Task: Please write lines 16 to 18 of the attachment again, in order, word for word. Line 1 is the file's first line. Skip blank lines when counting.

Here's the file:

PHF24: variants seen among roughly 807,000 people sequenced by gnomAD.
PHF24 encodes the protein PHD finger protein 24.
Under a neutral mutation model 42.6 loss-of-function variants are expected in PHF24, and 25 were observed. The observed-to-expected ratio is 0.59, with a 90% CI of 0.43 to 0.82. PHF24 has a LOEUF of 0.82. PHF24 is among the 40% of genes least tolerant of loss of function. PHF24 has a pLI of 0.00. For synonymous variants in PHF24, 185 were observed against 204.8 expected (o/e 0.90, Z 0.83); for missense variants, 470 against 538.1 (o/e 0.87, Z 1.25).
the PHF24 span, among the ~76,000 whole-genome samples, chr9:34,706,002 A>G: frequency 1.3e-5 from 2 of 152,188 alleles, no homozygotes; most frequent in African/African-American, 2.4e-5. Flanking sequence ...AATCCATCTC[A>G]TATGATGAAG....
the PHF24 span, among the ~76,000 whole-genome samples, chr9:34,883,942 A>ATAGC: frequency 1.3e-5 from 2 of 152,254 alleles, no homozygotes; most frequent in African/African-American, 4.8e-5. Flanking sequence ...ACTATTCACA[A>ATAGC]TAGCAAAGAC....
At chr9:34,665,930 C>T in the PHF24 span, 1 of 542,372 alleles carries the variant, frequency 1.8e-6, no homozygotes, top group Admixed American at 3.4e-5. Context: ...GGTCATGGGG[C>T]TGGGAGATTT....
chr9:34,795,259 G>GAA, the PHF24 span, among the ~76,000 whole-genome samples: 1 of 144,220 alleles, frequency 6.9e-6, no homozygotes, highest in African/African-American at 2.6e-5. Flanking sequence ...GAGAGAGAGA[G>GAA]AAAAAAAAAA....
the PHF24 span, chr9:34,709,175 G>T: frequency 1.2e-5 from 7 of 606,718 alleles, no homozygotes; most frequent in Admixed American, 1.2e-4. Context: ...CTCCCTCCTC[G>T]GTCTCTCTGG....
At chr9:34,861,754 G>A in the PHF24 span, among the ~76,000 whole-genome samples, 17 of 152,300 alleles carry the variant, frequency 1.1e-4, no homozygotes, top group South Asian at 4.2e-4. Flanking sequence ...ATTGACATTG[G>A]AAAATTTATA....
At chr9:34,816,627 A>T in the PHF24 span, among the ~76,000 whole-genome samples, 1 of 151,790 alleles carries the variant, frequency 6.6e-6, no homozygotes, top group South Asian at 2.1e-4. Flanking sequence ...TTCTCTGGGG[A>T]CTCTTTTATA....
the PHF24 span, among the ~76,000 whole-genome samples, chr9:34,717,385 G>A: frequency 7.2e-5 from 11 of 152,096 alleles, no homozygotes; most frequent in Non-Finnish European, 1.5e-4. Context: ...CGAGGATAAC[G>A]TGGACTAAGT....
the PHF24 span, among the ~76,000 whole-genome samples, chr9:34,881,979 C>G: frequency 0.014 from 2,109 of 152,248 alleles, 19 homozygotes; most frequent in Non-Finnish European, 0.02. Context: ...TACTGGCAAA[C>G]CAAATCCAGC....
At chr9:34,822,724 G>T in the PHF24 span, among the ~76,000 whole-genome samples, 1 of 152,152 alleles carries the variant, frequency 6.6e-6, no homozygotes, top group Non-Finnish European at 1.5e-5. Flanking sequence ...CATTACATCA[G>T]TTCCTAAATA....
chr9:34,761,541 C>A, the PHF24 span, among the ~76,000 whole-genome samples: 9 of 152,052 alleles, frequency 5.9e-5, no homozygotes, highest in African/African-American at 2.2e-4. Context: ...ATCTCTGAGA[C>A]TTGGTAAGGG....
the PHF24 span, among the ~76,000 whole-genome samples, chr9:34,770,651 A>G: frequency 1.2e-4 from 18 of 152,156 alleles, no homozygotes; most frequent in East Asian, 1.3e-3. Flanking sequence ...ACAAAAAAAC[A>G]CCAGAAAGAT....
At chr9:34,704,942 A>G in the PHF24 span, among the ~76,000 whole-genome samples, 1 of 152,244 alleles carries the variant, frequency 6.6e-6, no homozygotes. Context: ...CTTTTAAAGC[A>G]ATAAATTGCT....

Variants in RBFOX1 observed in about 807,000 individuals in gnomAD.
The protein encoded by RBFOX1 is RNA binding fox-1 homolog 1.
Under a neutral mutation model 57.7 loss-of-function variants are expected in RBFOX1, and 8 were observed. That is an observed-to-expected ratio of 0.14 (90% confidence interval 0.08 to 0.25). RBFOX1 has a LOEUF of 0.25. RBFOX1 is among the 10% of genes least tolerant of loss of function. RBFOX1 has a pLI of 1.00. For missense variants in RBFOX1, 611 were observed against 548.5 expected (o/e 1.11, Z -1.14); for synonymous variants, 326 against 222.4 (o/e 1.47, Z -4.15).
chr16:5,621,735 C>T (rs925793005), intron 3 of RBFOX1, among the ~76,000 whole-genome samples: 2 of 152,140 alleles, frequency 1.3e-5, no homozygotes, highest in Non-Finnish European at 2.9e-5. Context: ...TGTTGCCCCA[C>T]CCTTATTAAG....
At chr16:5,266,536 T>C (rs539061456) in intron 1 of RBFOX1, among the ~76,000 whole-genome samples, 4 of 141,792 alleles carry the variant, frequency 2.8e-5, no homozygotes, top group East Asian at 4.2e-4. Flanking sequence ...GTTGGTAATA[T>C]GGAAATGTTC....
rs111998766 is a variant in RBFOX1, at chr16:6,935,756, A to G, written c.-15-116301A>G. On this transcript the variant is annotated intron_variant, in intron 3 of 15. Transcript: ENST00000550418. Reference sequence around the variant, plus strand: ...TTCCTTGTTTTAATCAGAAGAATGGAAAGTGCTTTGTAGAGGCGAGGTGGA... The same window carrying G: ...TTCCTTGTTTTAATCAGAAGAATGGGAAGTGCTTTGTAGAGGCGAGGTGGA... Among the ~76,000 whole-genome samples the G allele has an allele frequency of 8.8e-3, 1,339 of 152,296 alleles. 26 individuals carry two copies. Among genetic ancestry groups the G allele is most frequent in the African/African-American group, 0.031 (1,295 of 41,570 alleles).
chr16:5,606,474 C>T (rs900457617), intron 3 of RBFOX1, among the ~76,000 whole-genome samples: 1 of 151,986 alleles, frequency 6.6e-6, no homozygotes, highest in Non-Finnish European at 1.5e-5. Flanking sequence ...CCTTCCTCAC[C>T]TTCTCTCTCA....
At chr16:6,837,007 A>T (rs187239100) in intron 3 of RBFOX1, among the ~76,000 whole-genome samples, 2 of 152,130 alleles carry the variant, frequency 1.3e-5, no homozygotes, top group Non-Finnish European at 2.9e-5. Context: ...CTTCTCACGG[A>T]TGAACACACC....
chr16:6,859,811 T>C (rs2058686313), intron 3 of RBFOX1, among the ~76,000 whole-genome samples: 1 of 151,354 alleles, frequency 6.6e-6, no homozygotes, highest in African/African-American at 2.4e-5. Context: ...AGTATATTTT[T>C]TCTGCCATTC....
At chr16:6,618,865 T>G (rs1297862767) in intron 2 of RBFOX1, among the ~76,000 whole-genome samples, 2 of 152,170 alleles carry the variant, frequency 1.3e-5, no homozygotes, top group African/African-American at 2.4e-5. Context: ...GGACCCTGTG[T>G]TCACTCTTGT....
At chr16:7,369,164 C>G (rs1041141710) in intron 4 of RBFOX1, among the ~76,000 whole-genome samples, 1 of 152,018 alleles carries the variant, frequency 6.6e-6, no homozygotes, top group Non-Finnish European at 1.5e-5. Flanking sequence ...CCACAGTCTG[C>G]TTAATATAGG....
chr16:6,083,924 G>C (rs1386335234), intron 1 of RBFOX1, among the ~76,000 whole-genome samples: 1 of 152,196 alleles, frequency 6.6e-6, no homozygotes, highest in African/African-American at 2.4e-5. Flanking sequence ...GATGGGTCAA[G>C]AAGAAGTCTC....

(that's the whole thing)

At chr9:34,704,942 A>G in the PHF24 span, among the ~76,000 whole-genome samples, 1 of 152,244 alleles carries the variant, frequency 6.6e-6, no homozygotes. Context: ...CTTTTAAAGC[A>G]ATAAATTGCT....

Variants in RBFOX1 observed in about 807,000 individuals in gnomAD.
The protein encoded by RBFOX1 is RNA binding fox-1 homolog 1.